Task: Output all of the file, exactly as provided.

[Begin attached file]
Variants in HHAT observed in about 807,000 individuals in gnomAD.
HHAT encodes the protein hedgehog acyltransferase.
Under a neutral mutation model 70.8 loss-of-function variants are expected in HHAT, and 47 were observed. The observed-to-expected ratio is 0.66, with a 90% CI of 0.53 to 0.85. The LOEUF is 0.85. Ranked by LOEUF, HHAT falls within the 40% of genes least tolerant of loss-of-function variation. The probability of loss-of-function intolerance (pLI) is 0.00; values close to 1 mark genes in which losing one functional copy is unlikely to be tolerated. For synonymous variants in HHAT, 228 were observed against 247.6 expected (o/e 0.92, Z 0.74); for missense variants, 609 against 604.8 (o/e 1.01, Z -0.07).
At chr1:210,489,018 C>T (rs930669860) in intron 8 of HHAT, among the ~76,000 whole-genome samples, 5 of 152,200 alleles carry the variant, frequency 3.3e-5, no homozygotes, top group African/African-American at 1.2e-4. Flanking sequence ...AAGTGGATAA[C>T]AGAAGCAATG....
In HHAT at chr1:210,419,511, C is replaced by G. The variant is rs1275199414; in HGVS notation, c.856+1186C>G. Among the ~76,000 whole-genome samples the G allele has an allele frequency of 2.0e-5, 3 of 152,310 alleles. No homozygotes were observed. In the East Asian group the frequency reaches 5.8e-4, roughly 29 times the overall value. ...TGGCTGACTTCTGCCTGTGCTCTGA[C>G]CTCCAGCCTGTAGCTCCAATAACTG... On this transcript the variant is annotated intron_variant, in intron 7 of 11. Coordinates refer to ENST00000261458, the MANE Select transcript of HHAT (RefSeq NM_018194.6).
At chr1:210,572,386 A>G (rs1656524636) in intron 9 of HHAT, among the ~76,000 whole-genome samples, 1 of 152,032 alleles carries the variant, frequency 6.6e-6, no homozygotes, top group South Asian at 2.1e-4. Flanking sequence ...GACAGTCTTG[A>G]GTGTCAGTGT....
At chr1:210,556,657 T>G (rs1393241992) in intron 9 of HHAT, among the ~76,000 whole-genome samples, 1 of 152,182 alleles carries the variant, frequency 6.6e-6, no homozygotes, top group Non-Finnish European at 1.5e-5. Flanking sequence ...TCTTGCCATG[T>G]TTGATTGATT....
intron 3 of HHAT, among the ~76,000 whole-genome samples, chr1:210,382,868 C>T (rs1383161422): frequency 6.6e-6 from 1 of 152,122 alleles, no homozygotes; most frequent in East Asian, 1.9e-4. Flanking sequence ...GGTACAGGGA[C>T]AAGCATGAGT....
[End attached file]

Variants in HHAT observed in about 807,000 individuals in gnomAD.
HHAT encodes the protein hedgehog acyltransferase.
Under a neutral mutation model 70.8 loss-of-function variants are expected in HHAT, and 47 were observed. The observed-to-expected ratio is 0.66, with a 90% CI of 0.53 to 0.85. The LOEUF is 0.85. Ranked by LOEUF, HHAT falls within the 40% of genes least tolerant of loss-of-function variation. The probability of loss-of-function intolerance (pLI) is 0.00; values close to 1 mark genes in which losing one functional copy is unlikely to be tolerated. For synonymous variants in HHAT, 228 were observed against 247.6 expected (o/e 0.92, Z 0.74); for missense variants, 609 against 604.8 (o/e 1.01, Z -0.07).
At chr1:210,489,018 C>T (rs930669860) in intron 8 of HHAT, among the ~76,000 whole-genome samples, 5 of 152,200 alleles carry the variant, frequency 3.3e-5, no homozygotes, top group African/African-American at 1.2e-4. Flanking sequence ...AAGTGGATAA[C>T]AGAAGCAATG....
In HHAT at chr1:210,419,511, C is replaced by G. The variant is rs1275199414; in HGVS notation, c.856+1186C>G. Among the ~76,000 whole-genome samples the G allele has an allele frequency of 2.0e-5, 3 of 152,310 alleles. No homozygotes were observed. In the East Asian group the frequency reaches 5.8e-4, roughly 29 times the overall value. ...TGGCTGACTTCTGCCTGTGCTCTGA[C>G]CTCCAGCCTGTAGCTCCAATAACTG... On this transcript the variant is annotated intron_variant, in intron 7 of 11. Coordinates refer to ENST00000261458, the MANE Select transcript of HHAT (RefSeq NM_018194.6).
At chr1:210,572,386 A>G (rs1656524636) in intron 9 of HHAT, among the ~76,000 whole-genome samples, 1 of 152,032 alleles carries the variant, frequency 6.6e-6, no homozygotes, top group South Asian at 2.1e-4. Flanking sequence ...GACAGTCTTG[A>G]GTGTCAGTGT....
At chr1:210,556,657 T>G (rs1393241992) in intron 9 of HHAT, among the ~76,000 whole-genome samples, 1 of 152,182 alleles carries the variant, frequency 6.6e-6, no homozygotes, top group Non-Finnish European at 1.5e-5. Flanking sequence ...TCTTGCCATG[T>G]TTGATTGATT....
intron 3 of HHAT, among the ~76,000 whole-genome samples, chr1:210,382,868 C>T (rs1383161422): frequency 6.6e-6 from 1 of 152,122 alleles, no homozygotes; most frequent in East Asian, 1.9e-4. Flanking sequence ...GGTACAGGGA[C>T]AAGCATGAGT....